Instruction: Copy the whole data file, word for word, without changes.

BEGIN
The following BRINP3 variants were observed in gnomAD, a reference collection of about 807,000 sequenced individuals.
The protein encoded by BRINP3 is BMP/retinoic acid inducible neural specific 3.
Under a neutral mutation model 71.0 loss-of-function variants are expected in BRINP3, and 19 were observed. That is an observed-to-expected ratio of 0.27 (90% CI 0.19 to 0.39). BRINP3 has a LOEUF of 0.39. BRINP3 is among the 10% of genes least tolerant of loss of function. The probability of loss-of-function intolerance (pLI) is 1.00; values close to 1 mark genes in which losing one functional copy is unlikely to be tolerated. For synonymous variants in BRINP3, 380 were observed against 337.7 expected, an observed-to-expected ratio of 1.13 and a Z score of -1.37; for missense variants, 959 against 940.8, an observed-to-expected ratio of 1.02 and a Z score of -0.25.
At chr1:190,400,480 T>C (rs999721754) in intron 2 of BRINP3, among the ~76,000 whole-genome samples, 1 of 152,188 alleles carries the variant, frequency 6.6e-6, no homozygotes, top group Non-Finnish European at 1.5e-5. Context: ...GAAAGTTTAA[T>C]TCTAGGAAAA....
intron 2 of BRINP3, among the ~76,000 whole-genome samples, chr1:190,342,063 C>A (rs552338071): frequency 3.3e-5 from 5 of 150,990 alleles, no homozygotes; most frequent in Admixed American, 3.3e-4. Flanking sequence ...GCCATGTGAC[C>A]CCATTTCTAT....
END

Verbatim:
The following BRINP3 variants were observed in gnomAD, a reference collection of about 807,000 sequenced individuals.
The protein encoded by BRINP3 is BMP/retinoic acid inducible neural specific 3.
Under a neutral mutation model 71.0 loss-of-function variants are expected in BRINP3, and 19 were observed. That is an observed-to-expected ratio of 0.27 (90% CI 0.19 to 0.39). BRINP3 has a LOEUF of 0.39. BRINP3 is among the 10% of genes least tolerant of loss of function. The probability of loss-of-function intolerance (pLI) is 1.00; values close to 1 mark genes in which losing one functional copy is unlikely to be tolerated. For synonymous variants in BRINP3, 380 were observed against 337.7 expected, an observed-to-expected ratio of 1.13 and a Z score of -1.37; for missense variants, 959 against 940.8, an observed-to-expected ratio of 1.02 and a Z score of -0.25.
At chr1:190,400,480 T>C (rs999721754) in intron 2 of BRINP3, among the ~76,000 whole-genome samples, 1 of 152,188 alleles carries the variant, frequency 6.6e-6, no homozygotes, top group Non-Finnish European at 1.5e-5. Context: ...GAAAGTTTAA[T>C]TCTAGGAAAA....
intron 2 of BRINP3, among the ~76,000 whole-genome samples, chr1:190,342,063 C>A (rs552338071): frequency 3.3e-5 from 5 of 150,990 alleles, no homozygotes; most frequent in Admixed American, 3.3e-4. Flanking sequence ...GCCATGTGAC[C>A]CCATTTCTAT....